Hoping to start work in Washington a week sooner than originally planned, US Senator-elect Scott Brown this afternoon asked Governor Deval Patrick and Secretary of State William Galvin to "certify without delay" the results of the Jan. 19 special election.
In a letter written by his legal counsel, Daniel B. Winslow, Brown said he wanted the results certified no later than 11 a.m. Thursday so that he could deliver a copy to the secretary of the United States Senate in time to be administered the oath of office by Thursday afternoon.
The Republican Brown, who won a stunning upset in the Jan. 19 special election, had initially planned to be sworn into office Feb. 11. But Winslow wrote, “he has been advised that there are a number of votes scheduled prior to that date. For that reason, he wants certification to occur immediately.”
Galvin completed his certification of the official election results today. The results now must be approved by the Governor’s Council, and then signed by Galvin and Patrick. The governor has been away from the State House this afternoon, with several events in Taunton, so the certification did not occur this afternoon.
Patrick is planning to certify the results at 9:30 a.m. Thursday, said governor's spokesman Kyle Sullivan. "This will ensure that Senator-elect Brown’s request to receive the final paperwork by 11 a.m. tomorrow is fulfilled," Sullivan said in a statement.
Vice President Joe Biden would have to administer the oath of office, and top Senate Democrats appeared ready this afternoon to move on Brown's request.
“Once he gets the certificate in hand, he can be sworn in,” said Jim Manley, spokesman for Senate majority leader Harry Reid. “We are working to swear him in as quickly as possible, which would be as early as tomorrow afternoon.”
There are several votes coming up within the next week that are expected to be controversial, including nominees for solicitor of labor and the US General Services Administration. A vote could come next week on whether to confirm Craig Becker, a Chicago-based union attorney who was nominated by President Obama to the National Labor Relations Board.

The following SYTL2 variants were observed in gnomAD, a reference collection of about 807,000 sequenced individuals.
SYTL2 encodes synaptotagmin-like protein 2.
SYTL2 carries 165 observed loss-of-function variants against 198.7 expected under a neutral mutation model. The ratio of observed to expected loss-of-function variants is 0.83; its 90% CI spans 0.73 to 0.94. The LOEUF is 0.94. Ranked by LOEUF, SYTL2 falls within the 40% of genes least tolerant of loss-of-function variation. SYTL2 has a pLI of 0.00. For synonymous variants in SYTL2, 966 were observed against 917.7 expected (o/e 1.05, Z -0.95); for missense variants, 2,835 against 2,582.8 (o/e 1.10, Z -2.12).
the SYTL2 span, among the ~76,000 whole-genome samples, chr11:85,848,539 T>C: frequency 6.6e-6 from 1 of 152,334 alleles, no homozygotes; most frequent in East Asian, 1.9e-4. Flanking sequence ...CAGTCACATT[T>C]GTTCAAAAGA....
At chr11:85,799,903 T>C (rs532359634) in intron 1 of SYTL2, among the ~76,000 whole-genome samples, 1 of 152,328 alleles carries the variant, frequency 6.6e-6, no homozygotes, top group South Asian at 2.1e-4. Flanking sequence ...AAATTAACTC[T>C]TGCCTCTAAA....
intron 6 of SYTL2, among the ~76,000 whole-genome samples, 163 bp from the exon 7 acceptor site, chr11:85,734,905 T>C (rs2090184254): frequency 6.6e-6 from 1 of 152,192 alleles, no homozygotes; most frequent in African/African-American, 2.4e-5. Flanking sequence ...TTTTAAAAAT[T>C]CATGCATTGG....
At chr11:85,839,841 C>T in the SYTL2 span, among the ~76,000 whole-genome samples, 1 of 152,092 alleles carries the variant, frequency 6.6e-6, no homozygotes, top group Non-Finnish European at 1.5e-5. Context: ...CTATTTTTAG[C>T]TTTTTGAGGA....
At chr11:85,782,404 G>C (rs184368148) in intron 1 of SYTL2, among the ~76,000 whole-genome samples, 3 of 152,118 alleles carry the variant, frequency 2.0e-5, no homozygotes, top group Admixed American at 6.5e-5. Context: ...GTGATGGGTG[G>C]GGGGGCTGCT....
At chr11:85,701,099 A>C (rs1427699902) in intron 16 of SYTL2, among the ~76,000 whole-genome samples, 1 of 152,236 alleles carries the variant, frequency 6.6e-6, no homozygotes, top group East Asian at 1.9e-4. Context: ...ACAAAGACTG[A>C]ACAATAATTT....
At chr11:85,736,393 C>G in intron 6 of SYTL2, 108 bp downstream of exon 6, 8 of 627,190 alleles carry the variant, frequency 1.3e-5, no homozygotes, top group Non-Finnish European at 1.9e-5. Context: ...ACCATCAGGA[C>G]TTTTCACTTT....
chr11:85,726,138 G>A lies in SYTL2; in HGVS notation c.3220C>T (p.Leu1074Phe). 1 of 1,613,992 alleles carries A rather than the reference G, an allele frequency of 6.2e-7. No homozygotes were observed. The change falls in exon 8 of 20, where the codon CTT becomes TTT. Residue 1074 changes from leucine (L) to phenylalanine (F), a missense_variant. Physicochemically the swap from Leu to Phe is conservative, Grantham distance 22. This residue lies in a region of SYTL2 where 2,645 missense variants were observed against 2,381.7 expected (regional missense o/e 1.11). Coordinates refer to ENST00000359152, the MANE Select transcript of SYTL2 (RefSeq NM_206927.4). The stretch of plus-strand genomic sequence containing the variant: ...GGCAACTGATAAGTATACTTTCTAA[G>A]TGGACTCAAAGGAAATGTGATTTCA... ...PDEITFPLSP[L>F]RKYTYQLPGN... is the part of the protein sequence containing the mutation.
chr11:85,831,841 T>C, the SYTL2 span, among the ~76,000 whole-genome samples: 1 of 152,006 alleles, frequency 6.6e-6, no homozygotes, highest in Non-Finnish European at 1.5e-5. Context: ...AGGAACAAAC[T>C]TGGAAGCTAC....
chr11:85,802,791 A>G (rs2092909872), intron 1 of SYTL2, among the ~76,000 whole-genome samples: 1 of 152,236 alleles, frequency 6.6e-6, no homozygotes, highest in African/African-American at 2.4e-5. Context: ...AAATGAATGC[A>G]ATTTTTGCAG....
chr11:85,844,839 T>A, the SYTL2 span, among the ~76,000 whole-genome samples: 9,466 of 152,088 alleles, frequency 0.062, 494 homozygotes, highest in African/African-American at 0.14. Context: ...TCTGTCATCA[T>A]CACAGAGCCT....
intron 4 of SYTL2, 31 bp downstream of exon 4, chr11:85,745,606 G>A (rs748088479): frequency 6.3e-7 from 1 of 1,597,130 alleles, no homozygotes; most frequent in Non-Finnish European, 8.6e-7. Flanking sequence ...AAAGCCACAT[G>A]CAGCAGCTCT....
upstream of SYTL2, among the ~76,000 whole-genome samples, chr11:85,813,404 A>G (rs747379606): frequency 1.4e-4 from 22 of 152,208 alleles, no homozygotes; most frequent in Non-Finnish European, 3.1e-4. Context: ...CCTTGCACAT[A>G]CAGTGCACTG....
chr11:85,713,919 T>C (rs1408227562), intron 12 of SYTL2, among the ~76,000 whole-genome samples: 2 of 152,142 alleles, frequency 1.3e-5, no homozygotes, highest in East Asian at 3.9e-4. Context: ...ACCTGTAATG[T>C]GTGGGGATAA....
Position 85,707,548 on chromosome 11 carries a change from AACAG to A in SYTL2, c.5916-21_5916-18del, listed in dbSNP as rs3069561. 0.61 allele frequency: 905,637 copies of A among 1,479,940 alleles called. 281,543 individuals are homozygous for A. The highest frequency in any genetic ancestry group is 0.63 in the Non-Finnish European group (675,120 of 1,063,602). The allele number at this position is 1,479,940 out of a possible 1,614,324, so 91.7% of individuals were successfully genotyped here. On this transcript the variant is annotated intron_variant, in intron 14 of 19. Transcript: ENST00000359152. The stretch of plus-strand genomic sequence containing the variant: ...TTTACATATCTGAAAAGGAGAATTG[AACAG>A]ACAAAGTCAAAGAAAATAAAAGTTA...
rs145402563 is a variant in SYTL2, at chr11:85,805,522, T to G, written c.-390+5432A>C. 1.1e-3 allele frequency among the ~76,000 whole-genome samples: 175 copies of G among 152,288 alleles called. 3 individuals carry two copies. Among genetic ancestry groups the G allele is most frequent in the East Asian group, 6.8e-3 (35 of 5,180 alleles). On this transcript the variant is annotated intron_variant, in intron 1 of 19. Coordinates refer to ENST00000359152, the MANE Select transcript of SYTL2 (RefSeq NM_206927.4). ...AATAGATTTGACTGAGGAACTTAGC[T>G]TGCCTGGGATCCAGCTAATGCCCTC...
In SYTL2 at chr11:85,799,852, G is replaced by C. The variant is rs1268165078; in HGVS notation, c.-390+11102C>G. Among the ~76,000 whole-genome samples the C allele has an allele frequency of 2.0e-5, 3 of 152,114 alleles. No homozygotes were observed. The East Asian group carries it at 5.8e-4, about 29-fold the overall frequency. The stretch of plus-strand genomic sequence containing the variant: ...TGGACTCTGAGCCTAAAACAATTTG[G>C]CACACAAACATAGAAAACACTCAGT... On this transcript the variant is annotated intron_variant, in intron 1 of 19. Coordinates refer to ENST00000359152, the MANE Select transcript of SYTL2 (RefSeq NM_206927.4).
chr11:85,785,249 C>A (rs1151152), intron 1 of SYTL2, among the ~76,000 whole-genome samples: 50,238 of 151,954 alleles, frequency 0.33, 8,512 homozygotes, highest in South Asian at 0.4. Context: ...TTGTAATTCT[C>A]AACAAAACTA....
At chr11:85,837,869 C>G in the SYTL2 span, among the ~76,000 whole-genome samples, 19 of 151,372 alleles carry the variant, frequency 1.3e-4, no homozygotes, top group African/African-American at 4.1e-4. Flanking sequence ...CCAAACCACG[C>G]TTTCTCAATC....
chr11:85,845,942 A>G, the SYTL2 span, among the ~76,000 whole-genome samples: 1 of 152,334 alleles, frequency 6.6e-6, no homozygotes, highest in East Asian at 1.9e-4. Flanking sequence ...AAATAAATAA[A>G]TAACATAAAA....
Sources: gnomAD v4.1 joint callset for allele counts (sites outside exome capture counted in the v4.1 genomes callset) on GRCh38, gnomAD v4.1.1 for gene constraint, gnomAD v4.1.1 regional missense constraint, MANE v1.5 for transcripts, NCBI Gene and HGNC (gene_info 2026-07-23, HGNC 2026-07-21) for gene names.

Votes on a major jobs bill could also come next week.
Still, it was Brown who had suggested being sworn in on Feb. 11, which was the date that officials in Massachusetts and Washington had been making plans around.
“Feb. 11 was a tentative date,” said Eric Fehrnstrom, one of Brown’s top advisers. “Since the election results are now complete, there’s no reason to wait. Senator-elect Brown wants to take his seat and participate in some important votes that are coming up.”
As recently as Tuesday afternoon, Brown’s spokesman, Felix Browne, said in an e-mail, “Feb. 11 still the date, yes,” when asked if anything had changed or if Brown would seek to be sworn in sooner. Tuesday morning at 8:50, Brown posted on his Facebook page “Scott Brown will be officially sworn in on February 11th at 12:45 p.m.”
On a WTKK-FM radio show this morning, Patrick said Brown was satisfied with the Feb. 11 swearing-in. "I think everybody feels like it's moving apace," he told hosts Jim Braude and Margery Eagan.
Late this afternoon, the office of Senator Paul G. Kirk Jr., the interim senator who had been filling the seat held for 47 years by the late Edward M. Kennedy, announced that he would give his farewell speech at 3:45 p.m. Thursday.
"He will thank the people of Massachusetts for the honor of serving them, and discuss the urgent need to move beyond political polarization in the United States Senate," Kirk's office said in a statement.
Brown's victory over Democratic Attorney General Martha Coakley reshaped the national political landscape and has stalled the Democrats' drive in Washington for a national health care overhaul.
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